5.
Transpl Int ; 2020 Apr 26.
Artigo em Inglês | MEDLINE | ID: mdl-32337774

RESUMO

A primary obligation of medical journals is the responsible, professional, and expeditious delivery of knowledge from researchers and practitioners to the wider community.1 The task of journal editors, therefore, rests not merely in selecting what to publish, but in large measure judging how it might best be communicated. The challenge of improving descriptions of kidney function and disease in medical publishing was the impetus for a Kidney Disease: Improving Global Outcomes (KDIGO) Consensus Conference held in June 2019. The conference goals included standardizing and refining kidney-related nomenclature used in English-language scientific articles and developing a glossary that could be used by journals.2.

7.
Artigo em Inglês | MEDLINE | ID: mdl-32276946

RESUMO

The Kidney Disease: Improving Global Outcomes (KDIGO) 2017 "Clinical Practice Guideline on the Evaluation and Care of Living Kidney Donors" was developed to assist medical professionals who evaluate living kidney donor candidates and provide care before, during, and after donation. This guideline Work Group concluded that a comprehensive approach to donor candidate risk assessment should replace eligibility decisions on the basis of assessments of single risk factors in isolation. To address all issues important to living donors in a pragmatic and comprehensive guideline, many of the guideline recommendations were on the basis of expert consensus opinion even when no direct evidence was available. To advance available evidence, original data analyses were also undertaken to produce a "proof-of-concept" risk projection model for kidney failure. This was done to illustrate how the community can advance a new quantitative framework of risk that considers each candidate's profile of demographic and health characteristics. A public review by stakeholders and subject matter experts as well as industry and professional organizations informed the final formulation of the guideline. This review highlights the guideline framework, key concepts, and recommendations, and uses five patient scenarios and 12 guideline statements to illustrate how the guideline can be applied to support living donor evaluation and care in clinical practice.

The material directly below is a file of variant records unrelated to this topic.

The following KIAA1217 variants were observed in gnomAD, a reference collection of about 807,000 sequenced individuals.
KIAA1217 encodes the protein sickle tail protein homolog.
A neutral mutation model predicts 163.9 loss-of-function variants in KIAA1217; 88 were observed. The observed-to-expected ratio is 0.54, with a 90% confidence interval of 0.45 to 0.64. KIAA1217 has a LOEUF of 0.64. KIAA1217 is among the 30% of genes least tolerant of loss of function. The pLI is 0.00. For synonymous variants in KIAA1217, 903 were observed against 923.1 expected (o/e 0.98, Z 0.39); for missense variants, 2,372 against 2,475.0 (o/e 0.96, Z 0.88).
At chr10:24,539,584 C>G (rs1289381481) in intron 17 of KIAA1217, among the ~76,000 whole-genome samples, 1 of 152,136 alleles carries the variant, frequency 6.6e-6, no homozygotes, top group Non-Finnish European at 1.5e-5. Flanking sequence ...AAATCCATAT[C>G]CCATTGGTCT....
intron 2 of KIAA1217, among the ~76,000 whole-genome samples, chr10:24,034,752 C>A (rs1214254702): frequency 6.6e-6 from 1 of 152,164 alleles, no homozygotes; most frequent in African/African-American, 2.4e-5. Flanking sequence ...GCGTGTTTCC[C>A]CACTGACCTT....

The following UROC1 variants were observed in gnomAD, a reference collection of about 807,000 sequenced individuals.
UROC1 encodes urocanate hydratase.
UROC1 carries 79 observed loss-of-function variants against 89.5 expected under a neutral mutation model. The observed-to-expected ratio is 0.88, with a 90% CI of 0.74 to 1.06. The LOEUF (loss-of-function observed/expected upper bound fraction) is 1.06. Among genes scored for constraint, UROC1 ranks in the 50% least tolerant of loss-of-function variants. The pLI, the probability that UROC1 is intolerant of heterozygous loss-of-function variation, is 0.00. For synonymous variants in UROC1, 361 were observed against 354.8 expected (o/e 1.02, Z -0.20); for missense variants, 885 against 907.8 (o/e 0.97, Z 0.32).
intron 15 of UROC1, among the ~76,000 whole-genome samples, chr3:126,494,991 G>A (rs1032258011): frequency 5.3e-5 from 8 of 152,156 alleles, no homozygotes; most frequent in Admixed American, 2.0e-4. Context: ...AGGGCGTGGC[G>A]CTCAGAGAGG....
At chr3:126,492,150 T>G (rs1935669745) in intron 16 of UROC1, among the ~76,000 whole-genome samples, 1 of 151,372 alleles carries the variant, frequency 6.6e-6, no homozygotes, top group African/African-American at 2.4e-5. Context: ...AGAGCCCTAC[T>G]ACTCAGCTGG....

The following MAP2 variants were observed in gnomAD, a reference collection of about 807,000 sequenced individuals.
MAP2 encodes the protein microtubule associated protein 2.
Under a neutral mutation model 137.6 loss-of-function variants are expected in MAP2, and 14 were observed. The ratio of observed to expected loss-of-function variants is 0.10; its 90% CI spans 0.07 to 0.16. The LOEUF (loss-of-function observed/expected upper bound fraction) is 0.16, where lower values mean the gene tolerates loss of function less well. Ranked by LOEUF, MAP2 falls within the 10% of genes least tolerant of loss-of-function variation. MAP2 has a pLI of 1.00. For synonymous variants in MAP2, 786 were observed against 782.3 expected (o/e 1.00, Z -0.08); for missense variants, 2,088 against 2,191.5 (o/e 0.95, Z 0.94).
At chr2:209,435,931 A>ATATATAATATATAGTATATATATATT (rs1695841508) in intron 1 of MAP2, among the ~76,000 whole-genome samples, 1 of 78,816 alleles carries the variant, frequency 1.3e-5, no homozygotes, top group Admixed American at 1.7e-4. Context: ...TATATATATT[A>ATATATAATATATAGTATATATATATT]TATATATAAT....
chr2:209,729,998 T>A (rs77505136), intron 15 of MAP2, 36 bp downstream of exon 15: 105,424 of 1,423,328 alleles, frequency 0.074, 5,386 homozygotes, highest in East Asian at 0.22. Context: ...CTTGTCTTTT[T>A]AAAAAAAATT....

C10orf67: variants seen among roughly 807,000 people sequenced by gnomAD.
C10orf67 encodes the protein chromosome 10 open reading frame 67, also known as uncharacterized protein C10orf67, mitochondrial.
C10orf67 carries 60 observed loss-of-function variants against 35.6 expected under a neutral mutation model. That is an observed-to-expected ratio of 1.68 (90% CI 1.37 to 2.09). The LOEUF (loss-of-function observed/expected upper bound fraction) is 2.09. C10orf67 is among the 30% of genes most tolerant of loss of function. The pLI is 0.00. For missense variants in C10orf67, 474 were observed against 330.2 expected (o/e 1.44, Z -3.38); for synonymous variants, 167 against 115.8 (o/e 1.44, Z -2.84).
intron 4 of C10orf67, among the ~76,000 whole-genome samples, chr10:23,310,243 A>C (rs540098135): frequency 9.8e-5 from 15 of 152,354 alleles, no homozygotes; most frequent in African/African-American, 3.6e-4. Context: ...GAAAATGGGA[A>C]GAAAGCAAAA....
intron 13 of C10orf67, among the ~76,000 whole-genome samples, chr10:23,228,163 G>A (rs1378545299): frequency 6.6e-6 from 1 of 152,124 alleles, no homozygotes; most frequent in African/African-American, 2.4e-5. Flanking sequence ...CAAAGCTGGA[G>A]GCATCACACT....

9.
Perit Dial Int ; 40(1): 84-92, 2020 01.
Artigo em Inglês | MEDLINE | ID: mdl-32063147

RESUMO

BACKGROUND: International Society for Peritoneal Dialysis guidelines recommend to routinely monitor the total measured clearance (mCl) of small solutes such as creatinine; however, collection of 24-h urine and peritoneal dialysis (PD) fluid is burdensome to patients and prone to errors. We hypothesized that equations could be developed to estimate mCl (estimated clearance (eCl)) using endogenous filtration markers. METHODS: In the Guangzhou PD Study (n = 980), we developed eCl equations using linear regression in two-third and validated them in the remaining one-third. Reference tests were mCl for urea nitrogen (UN) (mClUN, ml/min) and average mCl for UN and creatinine (mClUN-cr, ml/min/1.73 m2). Index tests were various eCl equations using UN, creatinine, low-molecular-weight proteins (LMWPs) (beta-trace protein (BTP), beta-2 microglobulin (B2M), and cystatin C), demographic variables, and body size. After reexpression of the equations in the combined data set, we analyzed accuracy (eCl within ± 2.0 units of mCl) and the predictive value of eCl to detect a weekly total standard Kt/V (weekly mClUN indexed for total body water) > 1.7 using receiver operating characteristic curve. RESULTS: Mean age of the cohort was 50 ± 15 years, 53% were male; mClUN was 6.9 ± 1.8 and mClUN-cr was 7.5 ± 2.8. Creatinine but not UN contributed to eCl for both mCl. LMWP did not improve accuracy for mClUN (range 88-89%). BTP and B2M improved the accuracy for mClUN-cr (82% vs. 80%); however, differences were small. The area under the curve for predicting a weekly Kt/V > 1.7 was similar for all equations (range 0.79-0.80). CONCLUSIONS: Total small solute clearance can be estimated moderately well in continuous ambulatory PD patients using serum creatinine and demographic variables without urine and dialysate collection.

11.
Am J Kidney Dis ; 75(1): 84-104, 2020 Jan.
Artigo em Inglês | MEDLINE | ID: mdl-31473020

RESUMO